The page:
A Day in My Life During a Hidradenitis Suppurativa Flare-Up
I hate going to sleep at night, especially when I’ve had one of my “good” days. These are the days when I can make it to drinks with friends and even make it to the gym. The days when I can go to spin class and not leave in excruciating pain. You might even see me in a tank top at the gym. You also might find me in a t-shirt at work and not wrapped up in a cardigan despite it being 90 degrees out. But unfortunately, these days are few and far between. They’re the days I hold onto when I’m going through a terrible HS (hidradenitis suppurativa) flare-up.
You see, going to sleep means my “good” day ends and a “bad” one might begin. Overnight, my body works against me as my boils get bigger under my arms and the open wounds start to drain. I wake up to find my shirt soaked with a terrible odor. I groan and put the pillow over my face. After 20 minutes, I force myself out of bed and go to my closet. I stare at my clothes. I can’t wear any of my tank tops or dressy blouses. I stare at my laundry as I see all of the stained shirts from last week’s flare-up. I find a big sweater and throw it on despite it being 80 degrees in LA.
I hear my roommate come back from her run, and I immediately have a pang of jealousy. I want to be able to wake up early and go on a run. Yet I can barely walk thanks to a flare-up in my groin area.
I force myself to make it to the office. Sitting at my desk for nine hours causes the boils in my groin area to get angrier. I try walking around a little bit but that also causes excruciating pain. I look at the clock as I count down the hours until I can go home, put on big sweatpants and lie in bed. I’m exhausted as my body continues to fight through this pain. I also have brain fog and my mind is distracted by my HS. I take my new prescription medication (Metaformin). I’ve been taking it for two months now with no results. I want to give up, but my dermatologist encourages me to keep taking it. She says that other HS patients have had great results despite the medication originally being used to treat type 2 diabetes. I hate the way it makes me lightheaded and nauseous, but I obey her orders.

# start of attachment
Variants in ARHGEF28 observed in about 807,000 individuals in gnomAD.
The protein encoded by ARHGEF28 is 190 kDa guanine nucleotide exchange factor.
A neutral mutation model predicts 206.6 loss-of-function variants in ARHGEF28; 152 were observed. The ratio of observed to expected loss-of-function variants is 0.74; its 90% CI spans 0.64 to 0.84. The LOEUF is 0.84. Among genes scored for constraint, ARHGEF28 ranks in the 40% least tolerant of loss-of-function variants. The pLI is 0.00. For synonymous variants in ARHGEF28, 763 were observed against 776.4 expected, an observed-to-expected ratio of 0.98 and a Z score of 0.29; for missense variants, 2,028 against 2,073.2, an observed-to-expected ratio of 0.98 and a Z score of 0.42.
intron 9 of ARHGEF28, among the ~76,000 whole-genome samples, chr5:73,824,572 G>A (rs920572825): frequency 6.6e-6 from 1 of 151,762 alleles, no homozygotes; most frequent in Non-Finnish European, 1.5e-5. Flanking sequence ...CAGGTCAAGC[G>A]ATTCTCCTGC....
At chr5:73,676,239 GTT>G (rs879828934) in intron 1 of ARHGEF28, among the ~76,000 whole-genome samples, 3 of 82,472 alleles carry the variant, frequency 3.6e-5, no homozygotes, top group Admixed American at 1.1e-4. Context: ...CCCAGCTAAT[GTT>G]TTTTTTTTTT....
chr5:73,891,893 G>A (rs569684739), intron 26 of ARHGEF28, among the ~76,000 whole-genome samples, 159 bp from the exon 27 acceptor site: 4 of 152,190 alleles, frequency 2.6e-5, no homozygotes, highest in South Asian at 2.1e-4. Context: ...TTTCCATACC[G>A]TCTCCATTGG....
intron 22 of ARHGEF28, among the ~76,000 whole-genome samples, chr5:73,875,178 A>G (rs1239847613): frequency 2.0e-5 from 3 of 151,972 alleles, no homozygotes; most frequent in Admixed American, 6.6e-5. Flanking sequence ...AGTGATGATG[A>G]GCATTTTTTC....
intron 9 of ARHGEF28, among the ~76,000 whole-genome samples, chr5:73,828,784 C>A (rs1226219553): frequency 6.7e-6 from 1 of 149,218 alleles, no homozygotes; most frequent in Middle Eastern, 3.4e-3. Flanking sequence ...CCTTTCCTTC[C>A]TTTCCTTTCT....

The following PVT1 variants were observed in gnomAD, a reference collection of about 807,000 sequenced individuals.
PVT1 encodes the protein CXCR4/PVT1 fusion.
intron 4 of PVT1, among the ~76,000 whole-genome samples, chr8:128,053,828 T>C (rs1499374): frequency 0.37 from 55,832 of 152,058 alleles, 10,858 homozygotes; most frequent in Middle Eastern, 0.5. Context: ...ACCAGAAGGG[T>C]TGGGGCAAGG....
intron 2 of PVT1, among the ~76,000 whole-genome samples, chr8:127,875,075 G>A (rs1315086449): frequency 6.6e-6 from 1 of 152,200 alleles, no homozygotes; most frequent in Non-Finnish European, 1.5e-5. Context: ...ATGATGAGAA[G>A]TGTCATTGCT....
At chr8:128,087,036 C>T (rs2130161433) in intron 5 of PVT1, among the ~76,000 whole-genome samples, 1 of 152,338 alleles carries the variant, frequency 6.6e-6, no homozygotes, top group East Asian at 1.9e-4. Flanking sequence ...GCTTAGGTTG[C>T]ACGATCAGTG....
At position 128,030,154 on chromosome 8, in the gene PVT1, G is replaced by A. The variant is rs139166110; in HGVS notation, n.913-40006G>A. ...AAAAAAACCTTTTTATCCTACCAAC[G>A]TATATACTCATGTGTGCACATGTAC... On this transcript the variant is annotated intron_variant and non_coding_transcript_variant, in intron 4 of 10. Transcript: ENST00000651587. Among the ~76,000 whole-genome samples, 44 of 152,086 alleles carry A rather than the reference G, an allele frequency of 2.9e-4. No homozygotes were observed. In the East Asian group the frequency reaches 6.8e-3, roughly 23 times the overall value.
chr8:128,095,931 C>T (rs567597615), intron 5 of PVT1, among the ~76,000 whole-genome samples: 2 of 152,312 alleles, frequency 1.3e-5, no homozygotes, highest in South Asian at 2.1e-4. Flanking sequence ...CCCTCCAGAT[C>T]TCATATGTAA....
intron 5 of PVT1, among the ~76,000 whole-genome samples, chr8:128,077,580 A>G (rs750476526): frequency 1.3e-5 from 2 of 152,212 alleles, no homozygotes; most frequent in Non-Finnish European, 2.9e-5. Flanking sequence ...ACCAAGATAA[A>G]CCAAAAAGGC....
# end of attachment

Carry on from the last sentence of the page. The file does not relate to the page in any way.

I cancel my networking drinks that night. Since it’s not a close friend, I make up an excuse. I say I have a migraine that I can’t get rid of. I’ve learned that people understand the debilitating pain of migraines (something else I struggle with), so they’re much more empathetic. I hate lying so often, but the truth is a much more complicated explanation, and one that I’m too embarrassed to share. I spend the drive home feeling guilty about having to cancel and annoyed that I couldn’t go. I curse this disease for the limitations it’s put on my 26-year-old self.
When I get home, I immediately go to my room and change. My shirt is now soaked and looks like I ran a marathon. I immediately put some stain remover on it and throw it into the dirty laundry pile. I go out and apologize to my roommate for not staying up and hanging out with her. I feel like such a bad friend and roommate. I tell her it’s nothing personal. I’m just exhausted. I curl up in my bed at 7:30 p.m. with Netflix. I hate myself for not making it to drinks or the gym. I hate myself for not cooking a good dinner. Instead, I eat another frozen meal.
I can’t get comfortable, so I grab some Zzzquil. I fall asleep hoping tomorrow brings a good day. It’s a relentless cycle and one I hope someday ends.
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Thinkstock photo via Evgeny Gromov.